Prices, prices, prices.
Debate is raging about whether the recent burst of inflation is temporary or here to stay.
‘Il primo ministro.’
The former European Central Bank supremo has been generally seen as a good hire for Italy, but there are also global issues at play.
How many people realise that the central banks’ great programme for reviving the global economy involves hand-picking which companies and sectors to help out?
Why is this man smiling?
AP Photo/Richard Drew
An economist unravels the seeming contradiction between stocks flirting with all-time highs and growing fears of a recession.
City Skyline and Main River in Frankfurt, Germany.
Valerian Alecsa / Shutterstock
Economic polarisation across Europe is becoming an important phenomenon, in part driven by monetary policies that can increase office prices and can even affect the fundamentals that drive the markets.
Sergio Mattarella (right) and his prime minister designate, Carlo Cottarelli.
If you thought the risk of Grexit was bad, you’ve got a shock coming in the shape of Italy.
European Council President Donald Tusk and Greek Prime Minister Alexis Tsipras address the press.
AP Photo/Thanassis Stavrakis
Europe is experiencing a wave of optimism that its seven-year Greek drama may be finally coming to a close. Only one way to do that: Share Greece’s pain.
Fed Chair Janet Yellen heads one of the most powerful financial institutions in the world.
Randal Quarles, the president’s first nominee to the Federal Reserve’s board of governors, has argued the bank should use rules to make decisions. But could such a shift prove disastrous in a crisis?
The coming storm.
Problems at Monte dei Paschi and UniCredit are bad enough without bail-in rules to contend with.
Mario Draghi, ECB president.
Quantitative easing cannot single-handedly save Europe.
A whirlwind of speculation about Deutsche Bank’s health has surrounded its headquarters in Munich.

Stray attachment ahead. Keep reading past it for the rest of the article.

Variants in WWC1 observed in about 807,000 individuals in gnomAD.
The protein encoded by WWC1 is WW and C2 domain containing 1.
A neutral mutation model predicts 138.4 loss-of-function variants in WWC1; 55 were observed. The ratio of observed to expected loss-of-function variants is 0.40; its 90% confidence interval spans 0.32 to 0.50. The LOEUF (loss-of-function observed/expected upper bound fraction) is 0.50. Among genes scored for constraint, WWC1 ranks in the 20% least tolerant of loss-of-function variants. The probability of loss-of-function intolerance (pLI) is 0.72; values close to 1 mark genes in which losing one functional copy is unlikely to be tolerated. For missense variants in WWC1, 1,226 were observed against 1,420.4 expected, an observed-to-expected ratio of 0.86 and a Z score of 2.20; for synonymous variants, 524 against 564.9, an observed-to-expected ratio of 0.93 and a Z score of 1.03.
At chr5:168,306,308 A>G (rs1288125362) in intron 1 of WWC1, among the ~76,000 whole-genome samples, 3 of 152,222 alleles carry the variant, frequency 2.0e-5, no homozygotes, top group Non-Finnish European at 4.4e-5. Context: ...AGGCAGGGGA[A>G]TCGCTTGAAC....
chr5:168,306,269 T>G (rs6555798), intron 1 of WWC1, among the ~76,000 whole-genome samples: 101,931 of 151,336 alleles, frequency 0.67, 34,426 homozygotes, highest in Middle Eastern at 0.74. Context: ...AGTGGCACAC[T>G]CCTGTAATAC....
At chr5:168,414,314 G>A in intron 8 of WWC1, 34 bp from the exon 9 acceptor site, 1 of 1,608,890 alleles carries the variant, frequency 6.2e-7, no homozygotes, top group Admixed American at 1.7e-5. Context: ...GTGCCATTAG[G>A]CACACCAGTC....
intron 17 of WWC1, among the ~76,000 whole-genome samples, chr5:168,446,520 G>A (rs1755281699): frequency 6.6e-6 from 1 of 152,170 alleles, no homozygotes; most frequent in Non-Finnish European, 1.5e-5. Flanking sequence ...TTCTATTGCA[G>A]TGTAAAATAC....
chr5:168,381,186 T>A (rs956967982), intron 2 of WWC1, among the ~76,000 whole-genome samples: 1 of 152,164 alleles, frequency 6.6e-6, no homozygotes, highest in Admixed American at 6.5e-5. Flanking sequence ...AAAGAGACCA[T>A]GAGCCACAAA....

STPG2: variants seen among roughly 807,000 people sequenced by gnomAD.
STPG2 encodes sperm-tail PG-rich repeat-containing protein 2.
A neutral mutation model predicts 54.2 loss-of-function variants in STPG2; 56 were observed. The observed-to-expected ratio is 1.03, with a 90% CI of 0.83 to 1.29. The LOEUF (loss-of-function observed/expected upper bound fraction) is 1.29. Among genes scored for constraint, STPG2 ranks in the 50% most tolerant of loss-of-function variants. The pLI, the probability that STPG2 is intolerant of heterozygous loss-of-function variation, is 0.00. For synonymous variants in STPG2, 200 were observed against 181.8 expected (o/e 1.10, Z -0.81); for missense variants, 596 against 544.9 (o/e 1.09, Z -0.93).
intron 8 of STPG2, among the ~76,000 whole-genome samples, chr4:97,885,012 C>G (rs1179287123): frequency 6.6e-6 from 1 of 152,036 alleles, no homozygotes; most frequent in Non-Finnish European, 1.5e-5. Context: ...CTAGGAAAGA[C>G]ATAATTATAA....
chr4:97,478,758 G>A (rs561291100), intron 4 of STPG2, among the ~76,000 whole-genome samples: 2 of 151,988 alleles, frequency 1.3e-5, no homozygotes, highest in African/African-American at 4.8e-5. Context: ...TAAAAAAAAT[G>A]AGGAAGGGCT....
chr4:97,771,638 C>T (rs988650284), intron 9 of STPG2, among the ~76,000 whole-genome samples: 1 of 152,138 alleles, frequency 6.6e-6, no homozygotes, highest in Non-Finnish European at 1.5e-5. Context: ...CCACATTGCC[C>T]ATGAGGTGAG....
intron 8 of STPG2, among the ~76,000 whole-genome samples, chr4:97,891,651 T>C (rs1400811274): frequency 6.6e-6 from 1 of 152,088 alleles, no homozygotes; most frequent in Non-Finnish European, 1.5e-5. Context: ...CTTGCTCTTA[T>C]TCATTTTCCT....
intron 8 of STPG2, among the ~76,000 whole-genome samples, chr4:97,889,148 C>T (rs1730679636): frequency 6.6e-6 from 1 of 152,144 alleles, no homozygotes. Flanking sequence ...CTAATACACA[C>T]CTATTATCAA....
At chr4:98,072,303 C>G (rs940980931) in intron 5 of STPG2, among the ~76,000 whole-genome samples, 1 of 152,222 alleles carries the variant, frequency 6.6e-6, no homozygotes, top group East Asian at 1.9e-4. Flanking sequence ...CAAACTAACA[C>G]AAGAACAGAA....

AP Photo/Michael Probst
Is the financial system headed for another ‘Lehman moment’? Perhaps, but a bailout isn’t the solution. More capital is, something Trump should remember as he rewrites U.S. bank rules.
Pleading with the EU: Italian prime minister, Matteo Renzi.
The Italian banking system is on the verge of a crisis. Direct state intervention is needed to solve the problem.
The fears about the City don’t look overcooked – here’s why.
The ECB has introduced a slate of bold measures to counter low growth and the threat of deflation.
ECB’s Mario Draghi on lower rates: “The answer is no.”
This week: a range of confidence measures, from not great to interesting for Australia; ECB confirms negative rates and further stimulus.
This is what could cause the collapse of the EU – and what could save it.
Charting a different course.
With economies in Europe and America forging very different recoveries, their central banks are having to navigate by different stars.
Two faced? More tragedy than comedy in this Greek drama.
The draconian deal imposed by the Eurogroup is worse than a reparations settlement imposed on a defeated enemy.
Many are ready to call it quits with the euro, but down that road lies nothing good.
An analysis conducted in 2007 showed how severe the consequences would be if a country left the euro. How have eurozone officials let it get this far?
People queue to withdraw cash from Greek banks.
With the ECB freezing the level of emergency liquidity assistance it is providing to Greek banks, the nightmare scenario for Greece is already beginning to unfold.